Results matching “Robots Using ROS”

ROSCon Japan 2018 Successfully Concluded

The first officially licensed local ROSCon event, ROSCon JP 2018, was held in Tokyo, Japan on the 14th of September. ROSCon JP 2018 was held in conjunction with the Open Source Robotics Foundation.

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189 people participated on the day (excluding sponsors' invitations and staff). The livestream had a steady 60 to 70 people watching at any one time throughout the day. Thanks to all the participants, ROSCon JP was an exciting day for all. Presentation slides and videos will be published on the website in a few weeks.

The invited talks from Brian Gerkey (Open Robotics) and Nicholas Yeo (ROS-Industrial Asia Pacific), 14 submitted talks, 13 lightning talks, 26 exhibitors' booths, and everything else about the conference was of high quality. Topics of presentation included

  • a presentation from Panasonic comparing navigation using the navstack with using commercial navigation system for hospital delivery robots;

  • the use of ROS in space robotics by JAXA;

  • the application of ROS and Gazebo to a marine robotics challenge (which finished with a surge in donations to the presenters' crowdfunding page to help them attend the next challenge); and

  • a discussion of how Sony applied ROS to the development of the newest Aibo. (Find out more at ROSCon 2018 in Madrid)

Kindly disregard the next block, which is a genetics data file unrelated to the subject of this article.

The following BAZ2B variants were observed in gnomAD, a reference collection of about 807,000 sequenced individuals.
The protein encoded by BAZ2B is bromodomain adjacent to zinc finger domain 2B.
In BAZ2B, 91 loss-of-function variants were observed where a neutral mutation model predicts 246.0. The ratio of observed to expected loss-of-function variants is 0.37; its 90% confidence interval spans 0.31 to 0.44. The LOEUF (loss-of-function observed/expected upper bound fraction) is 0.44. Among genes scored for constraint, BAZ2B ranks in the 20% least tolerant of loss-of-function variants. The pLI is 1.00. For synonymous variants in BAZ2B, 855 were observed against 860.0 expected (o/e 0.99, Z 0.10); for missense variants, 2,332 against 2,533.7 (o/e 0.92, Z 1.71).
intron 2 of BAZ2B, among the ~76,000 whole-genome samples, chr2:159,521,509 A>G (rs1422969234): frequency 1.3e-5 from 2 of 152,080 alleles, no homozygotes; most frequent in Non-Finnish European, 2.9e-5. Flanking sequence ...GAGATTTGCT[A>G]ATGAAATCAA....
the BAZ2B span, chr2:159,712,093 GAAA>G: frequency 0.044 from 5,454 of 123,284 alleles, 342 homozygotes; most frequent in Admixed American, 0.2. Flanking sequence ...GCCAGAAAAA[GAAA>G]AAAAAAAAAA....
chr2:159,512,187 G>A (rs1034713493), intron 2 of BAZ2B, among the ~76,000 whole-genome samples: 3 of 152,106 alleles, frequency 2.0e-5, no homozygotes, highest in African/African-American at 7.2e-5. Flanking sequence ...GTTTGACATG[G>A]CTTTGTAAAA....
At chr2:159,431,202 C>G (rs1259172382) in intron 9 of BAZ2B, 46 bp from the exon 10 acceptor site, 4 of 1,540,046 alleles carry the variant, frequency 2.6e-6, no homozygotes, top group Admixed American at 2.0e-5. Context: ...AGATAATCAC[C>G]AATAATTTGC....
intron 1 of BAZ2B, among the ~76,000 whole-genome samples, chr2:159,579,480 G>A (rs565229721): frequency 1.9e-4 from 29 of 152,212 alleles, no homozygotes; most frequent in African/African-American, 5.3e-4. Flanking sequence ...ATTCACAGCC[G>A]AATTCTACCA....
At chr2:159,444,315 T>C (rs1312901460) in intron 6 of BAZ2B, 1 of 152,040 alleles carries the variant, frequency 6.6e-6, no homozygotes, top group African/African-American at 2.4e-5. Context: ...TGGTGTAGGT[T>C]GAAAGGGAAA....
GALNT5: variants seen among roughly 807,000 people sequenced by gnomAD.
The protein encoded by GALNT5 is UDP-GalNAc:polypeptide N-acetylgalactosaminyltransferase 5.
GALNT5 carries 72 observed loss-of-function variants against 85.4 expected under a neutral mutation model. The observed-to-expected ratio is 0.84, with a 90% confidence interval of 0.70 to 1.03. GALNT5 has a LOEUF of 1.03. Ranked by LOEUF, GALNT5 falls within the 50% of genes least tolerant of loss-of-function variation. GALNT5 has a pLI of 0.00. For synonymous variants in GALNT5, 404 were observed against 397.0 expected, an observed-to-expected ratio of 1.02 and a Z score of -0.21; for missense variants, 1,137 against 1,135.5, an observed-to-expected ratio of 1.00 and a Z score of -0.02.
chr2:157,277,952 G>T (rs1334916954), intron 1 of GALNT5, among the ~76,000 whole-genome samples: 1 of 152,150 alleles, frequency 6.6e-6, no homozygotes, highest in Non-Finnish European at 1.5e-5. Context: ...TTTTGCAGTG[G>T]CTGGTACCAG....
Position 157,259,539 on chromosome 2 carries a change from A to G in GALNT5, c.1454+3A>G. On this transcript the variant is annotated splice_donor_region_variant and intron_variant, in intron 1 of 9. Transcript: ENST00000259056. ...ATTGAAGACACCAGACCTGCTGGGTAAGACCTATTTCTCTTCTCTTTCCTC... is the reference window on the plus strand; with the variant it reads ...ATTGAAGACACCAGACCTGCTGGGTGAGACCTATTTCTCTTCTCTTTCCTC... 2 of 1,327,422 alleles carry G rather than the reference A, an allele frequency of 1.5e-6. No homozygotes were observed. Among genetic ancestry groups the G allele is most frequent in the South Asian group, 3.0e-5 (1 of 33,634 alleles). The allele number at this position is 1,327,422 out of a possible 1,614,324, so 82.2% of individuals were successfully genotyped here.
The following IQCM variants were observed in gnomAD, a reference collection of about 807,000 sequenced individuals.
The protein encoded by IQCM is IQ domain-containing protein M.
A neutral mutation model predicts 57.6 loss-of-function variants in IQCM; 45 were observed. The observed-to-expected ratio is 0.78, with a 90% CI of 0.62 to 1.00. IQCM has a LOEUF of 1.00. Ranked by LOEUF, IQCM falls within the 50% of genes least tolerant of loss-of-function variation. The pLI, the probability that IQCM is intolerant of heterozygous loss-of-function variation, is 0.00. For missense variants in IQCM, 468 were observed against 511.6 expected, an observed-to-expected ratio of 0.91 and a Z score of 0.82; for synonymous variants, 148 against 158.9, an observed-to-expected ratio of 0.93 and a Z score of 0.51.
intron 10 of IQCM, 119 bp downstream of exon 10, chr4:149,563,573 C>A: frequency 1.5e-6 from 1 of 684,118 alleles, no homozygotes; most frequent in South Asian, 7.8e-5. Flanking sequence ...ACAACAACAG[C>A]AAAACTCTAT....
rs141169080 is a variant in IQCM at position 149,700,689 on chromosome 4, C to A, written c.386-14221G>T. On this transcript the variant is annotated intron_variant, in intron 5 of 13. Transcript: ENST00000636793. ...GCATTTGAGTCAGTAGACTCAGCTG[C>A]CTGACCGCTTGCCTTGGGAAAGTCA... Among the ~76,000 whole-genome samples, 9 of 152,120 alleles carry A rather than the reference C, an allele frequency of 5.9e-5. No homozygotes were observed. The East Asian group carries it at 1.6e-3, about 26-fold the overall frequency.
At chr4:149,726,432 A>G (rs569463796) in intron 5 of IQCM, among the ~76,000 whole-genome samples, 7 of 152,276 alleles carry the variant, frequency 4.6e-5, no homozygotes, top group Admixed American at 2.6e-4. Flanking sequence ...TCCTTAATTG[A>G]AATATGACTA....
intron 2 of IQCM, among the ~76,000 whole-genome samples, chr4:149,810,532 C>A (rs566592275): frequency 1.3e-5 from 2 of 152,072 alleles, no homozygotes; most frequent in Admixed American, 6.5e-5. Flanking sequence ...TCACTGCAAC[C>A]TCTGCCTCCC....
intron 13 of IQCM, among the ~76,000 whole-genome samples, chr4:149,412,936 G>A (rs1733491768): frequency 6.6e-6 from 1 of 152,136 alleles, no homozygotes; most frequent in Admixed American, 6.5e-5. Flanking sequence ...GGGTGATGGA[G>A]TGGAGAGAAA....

A catered lunch and reception and a popular exhibitors' hall provided many opportunities for participants to mix with each other and make new connections.

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Sponsors

ROSCon JP 2018 was sponsored by the following companies and organisations:

Platinum: Sony

Gold: Renesas, Seqsense, Tier IV, iSiD, Analog Devices, TIS, SICK

Silver: eSOL, GROOVE X, EAMS Lab

Bronze: Honda Research Institute Japan, RT Corporation, Mamezou, INTEC, Robotis, Z Robotix

Friendship: Tokyo Opensource Robotics Kyokai Association

As our first event, we consider ROSCon JP 2018 to have been a massive success and a credit to the Japanese ROS user community.

Looking foward to ROSCon 2018 we're highlighting presentations from last year.

Martin and Sergio present an overview of TRADR as well as ROS packages and tools they've developed in the course of the project. Most of the tools have been released as open source packages. And at the end they present some real world use cases where their robots were helpful.

Video

Abstract

Search and Rescue Robotics is an extremely challenging and broad area of robotics that has recently been experiencing enormous progress. In the last 3 years, the EU project TRADR investigated many aspects of the aforementioned field. With this talk, we would like to share with the ROS community the experience acquired in the development of our system based on advanced use of ROS, in testing and using various hardware, and in dealing with end-users that compose the human-robot teams during search and rescue missions.